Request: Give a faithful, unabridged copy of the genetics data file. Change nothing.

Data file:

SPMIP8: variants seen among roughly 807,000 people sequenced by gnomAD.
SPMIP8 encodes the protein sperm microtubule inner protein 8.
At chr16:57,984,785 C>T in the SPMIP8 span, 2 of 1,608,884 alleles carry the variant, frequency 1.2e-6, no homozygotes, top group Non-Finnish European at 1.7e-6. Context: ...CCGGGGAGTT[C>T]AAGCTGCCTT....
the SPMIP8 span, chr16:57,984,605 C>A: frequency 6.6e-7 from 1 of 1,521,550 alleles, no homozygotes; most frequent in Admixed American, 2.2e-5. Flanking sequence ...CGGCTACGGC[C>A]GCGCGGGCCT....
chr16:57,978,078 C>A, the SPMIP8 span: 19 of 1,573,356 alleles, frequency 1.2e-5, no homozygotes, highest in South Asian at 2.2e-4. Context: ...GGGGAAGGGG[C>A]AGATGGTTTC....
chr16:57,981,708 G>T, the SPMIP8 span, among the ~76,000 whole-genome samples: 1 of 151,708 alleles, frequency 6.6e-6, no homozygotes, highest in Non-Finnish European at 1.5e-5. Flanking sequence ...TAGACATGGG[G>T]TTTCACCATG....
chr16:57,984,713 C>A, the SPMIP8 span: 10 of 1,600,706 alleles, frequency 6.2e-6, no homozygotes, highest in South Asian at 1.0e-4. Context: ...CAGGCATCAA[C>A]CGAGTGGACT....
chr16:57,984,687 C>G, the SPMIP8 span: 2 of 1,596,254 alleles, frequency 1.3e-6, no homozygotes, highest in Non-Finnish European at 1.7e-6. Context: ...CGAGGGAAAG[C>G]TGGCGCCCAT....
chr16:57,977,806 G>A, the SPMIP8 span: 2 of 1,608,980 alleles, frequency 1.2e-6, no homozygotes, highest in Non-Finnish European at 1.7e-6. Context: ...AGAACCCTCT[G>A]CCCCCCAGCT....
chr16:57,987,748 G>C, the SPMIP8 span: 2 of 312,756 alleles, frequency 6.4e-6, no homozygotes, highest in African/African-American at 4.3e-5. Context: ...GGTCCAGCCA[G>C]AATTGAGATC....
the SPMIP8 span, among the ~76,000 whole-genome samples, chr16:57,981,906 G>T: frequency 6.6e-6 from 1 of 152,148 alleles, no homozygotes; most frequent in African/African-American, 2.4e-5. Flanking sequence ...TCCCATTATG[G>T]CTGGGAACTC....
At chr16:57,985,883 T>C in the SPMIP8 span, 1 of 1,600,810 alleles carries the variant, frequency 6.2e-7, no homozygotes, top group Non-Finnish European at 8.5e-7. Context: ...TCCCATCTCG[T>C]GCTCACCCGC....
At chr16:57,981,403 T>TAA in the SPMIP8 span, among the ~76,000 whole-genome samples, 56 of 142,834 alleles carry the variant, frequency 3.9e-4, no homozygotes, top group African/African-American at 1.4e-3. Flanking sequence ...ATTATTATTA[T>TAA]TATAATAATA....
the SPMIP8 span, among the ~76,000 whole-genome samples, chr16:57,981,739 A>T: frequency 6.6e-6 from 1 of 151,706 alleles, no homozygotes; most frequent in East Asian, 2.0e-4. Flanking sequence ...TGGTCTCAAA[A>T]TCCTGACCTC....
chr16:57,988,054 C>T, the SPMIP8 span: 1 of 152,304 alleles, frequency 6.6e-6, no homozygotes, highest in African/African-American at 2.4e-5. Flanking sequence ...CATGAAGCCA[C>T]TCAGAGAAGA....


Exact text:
SPMIP8: variants seen among roughly 807,000 people sequenced by gnomAD.
SPMIP8 encodes the protein sperm microtubule inner protein 8.
At chr16:57,984,785 C>T in the SPMIP8 span, 2 of 1,608,884 alleles carry the variant, frequency 1.2e-6, no homozygotes, top group Non-Finnish European at 1.7e-6. Context: ...CCGGGGAGTT[C>T]AAGCTGCCTT....
the SPMIP8 span, chr16:57,984,605 C>A: frequency 6.6e-7 from 1 of 1,521,550 alleles, no homozygotes; most frequent in Admixed American, 2.2e-5. Flanking sequence ...CGGCTACGGC[C>A]GCGCGGGCCT....
chr16:57,978,078 C>A, the SPMIP8 span: 19 of 1,573,356 alleles, frequency 1.2e-5, no homozygotes, highest in South Asian at 2.2e-4. Context: ...GGGGAAGGGG[C>A]AGATGGTTTC....
chr16:57,981,708 G>T, the SPMIP8 span, among the ~76,000 whole-genome samples: 1 of 151,708 alleles, frequency 6.6e-6, no homozygotes, highest in Non-Finnish European at 1.5e-5. Flanking sequence ...TAGACATGGG[G>T]TTTCACCATG....
chr16:57,984,713 C>A, the SPMIP8 span: 10 of 1,600,706 alleles, frequency 6.2e-6, no homozygotes, highest in South Asian at 1.0e-4. Context: ...CAGGCATCAA[C>A]CGAGTGGACT....
chr16:57,984,687 C>G, the SPMIP8 span: 2 of 1,596,254 alleles, frequency 1.3e-6, no homozygotes, highest in Non-Finnish European at 1.7e-6. Context: ...CGAGGGAAAG[C>G]TGGCGCCCAT....
chr16:57,977,806 G>A, the SPMIP8 span: 2 of 1,608,980 alleles, frequency 1.2e-6, no homozygotes, highest in Non-Finnish European at 1.7e-6. Context: ...AGAACCCTCT[G>A]CCCCCCAGCT....
chr16:57,987,748 G>C, the SPMIP8 span: 2 of 312,756 alleles, frequency 6.4e-6, no homozygotes, highest in African/African-American at 4.3e-5. Context: ...GGTCCAGCCA[G>C]AATTGAGATC....
the SPMIP8 span, among the ~76,000 whole-genome samples, chr16:57,981,906 G>T: frequency 6.6e-6 from 1 of 152,148 alleles, no homozygotes; most frequent in African/African-American, 2.4e-5. Flanking sequence ...TCCCATTATG[G>T]CTGGGAACTC....
At chr16:57,985,883 T>C in the SPMIP8 span, 1 of 1,600,810 alleles carries the variant, frequency 6.2e-7, no homozygotes, top group Non-Finnish European at 8.5e-7. Context: ...TCCCATCTCG[T>C]GCTCACCCGC....
At chr16:57,981,403 T>TAA in the SPMIP8 span, among the ~76,000 whole-genome samples, 56 of 142,834 alleles carry the variant, frequency 3.9e-4, no homozygotes, top group African/African-American at 1.4e-3. Flanking sequence ...ATTATTATTA[T>TAA]TATAATAATA....
the SPMIP8 span, among the ~76,000 whole-genome samples, chr16:57,981,739 A>T: frequency 6.6e-6 from 1 of 151,706 alleles, no homozygotes; most frequent in East Asian, 2.0e-4. Flanking sequence ...TGGTCTCAAA[A>T]TCCTGACCTC....
chr16:57,988,054 C>T, the SPMIP8 span: 1 of 152,304 alleles, frequency 6.6e-6, no homozygotes, highest in African/African-American at 2.4e-5. Flanking sequence ...CATGAAGCCA[C>T]TCAGAGAAGA....